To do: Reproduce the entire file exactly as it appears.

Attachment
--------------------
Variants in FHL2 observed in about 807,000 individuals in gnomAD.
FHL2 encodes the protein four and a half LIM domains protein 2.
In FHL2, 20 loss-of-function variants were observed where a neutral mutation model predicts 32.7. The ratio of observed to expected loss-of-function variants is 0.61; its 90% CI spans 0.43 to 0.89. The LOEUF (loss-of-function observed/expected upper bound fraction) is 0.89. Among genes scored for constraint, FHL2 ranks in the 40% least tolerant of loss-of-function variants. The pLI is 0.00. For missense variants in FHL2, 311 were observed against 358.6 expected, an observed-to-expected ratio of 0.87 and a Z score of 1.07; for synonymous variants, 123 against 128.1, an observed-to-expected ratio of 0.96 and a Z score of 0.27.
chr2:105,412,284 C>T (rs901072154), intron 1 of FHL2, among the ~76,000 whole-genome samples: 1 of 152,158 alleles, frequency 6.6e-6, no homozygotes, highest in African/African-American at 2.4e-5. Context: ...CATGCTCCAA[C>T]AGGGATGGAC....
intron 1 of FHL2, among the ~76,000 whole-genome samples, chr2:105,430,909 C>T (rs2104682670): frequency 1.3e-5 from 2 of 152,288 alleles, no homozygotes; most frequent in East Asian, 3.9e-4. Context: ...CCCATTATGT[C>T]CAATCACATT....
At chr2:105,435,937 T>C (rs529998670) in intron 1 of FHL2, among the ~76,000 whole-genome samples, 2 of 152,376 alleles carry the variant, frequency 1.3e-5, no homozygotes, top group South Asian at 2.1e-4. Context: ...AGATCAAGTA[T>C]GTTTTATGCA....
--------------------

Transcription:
Variants in FHL2 observed in about 807,000 individuals in gnomAD.
FHL2 encodes the protein four and a half LIM domains protein 2.
In FHL2, 20 loss-of-function variants were observed where a neutral mutation model predicts 32.7. The ratio of observed to expected loss-of-function variants is 0.61; its 90% CI spans 0.43 to 0.89. The LOEUF (loss-of-function observed/expected upper bound fraction) is 0.89. Among genes scored for constraint, FHL2 ranks in the 40% least tolerant of loss-of-function variants. The pLI is 0.00. For missense variants in FHL2, 311 were observed against 358.6 expected, an observed-to-expected ratio of 0.87 and a Z score of 1.07; for synonymous variants, 123 against 128.1, an observed-to-expected ratio of 0.96 and a Z score of 0.27.
chr2:105,412,284 C>T (rs901072154), intron 1 of FHL2, among the ~76,000 whole-genome samples: 1 of 152,158 alleles, frequency 6.6e-6, no homozygotes, highest in African/African-American at 2.4e-5. Context: ...CATGCTCCAA[C>T]AGGGATGGAC....
intron 1 of FHL2, among the ~76,000 whole-genome samples, chr2:105,430,909 C>T (rs2104682670): frequency 1.3e-5 from 2 of 152,288 alleles, no homozygotes; most frequent in East Asian, 3.9e-4. Context: ...CCCATTATGT[C>T]CAATCACATT....
At chr2:105,435,937 T>C (rs529998670) in intron 1 of FHL2, among the ~76,000 whole-genome samples, 2 of 152,376 alleles carry the variant, frequency 1.3e-5, no homozygotes, top group South Asian at 2.1e-4. Context: ...AGATCAAGTA[T>C]GTTTTATGCA....